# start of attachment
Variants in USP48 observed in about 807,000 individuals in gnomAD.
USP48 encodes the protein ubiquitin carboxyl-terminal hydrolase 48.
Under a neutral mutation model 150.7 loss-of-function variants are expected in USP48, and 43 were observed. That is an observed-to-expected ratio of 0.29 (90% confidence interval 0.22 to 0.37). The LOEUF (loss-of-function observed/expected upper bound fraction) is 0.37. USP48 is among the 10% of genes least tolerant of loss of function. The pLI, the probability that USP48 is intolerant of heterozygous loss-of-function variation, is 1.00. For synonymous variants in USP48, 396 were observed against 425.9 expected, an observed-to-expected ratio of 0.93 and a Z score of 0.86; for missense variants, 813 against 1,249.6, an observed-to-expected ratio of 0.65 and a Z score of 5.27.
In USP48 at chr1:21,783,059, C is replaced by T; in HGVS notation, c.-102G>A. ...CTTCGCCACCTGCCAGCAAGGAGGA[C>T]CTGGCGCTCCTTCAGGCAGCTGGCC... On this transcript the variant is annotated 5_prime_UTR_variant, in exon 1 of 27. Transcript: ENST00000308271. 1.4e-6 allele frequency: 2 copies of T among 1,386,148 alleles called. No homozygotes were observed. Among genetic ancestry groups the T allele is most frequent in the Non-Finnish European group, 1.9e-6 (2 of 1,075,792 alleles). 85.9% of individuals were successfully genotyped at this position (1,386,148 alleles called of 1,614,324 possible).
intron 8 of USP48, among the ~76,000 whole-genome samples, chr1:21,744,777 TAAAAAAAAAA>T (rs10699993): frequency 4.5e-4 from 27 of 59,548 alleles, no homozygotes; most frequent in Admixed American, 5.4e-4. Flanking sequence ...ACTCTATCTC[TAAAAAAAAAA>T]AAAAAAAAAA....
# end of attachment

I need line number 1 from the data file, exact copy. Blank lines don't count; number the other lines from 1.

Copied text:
Variants in USP48 observed in about 807,000 individuals in gnomAD.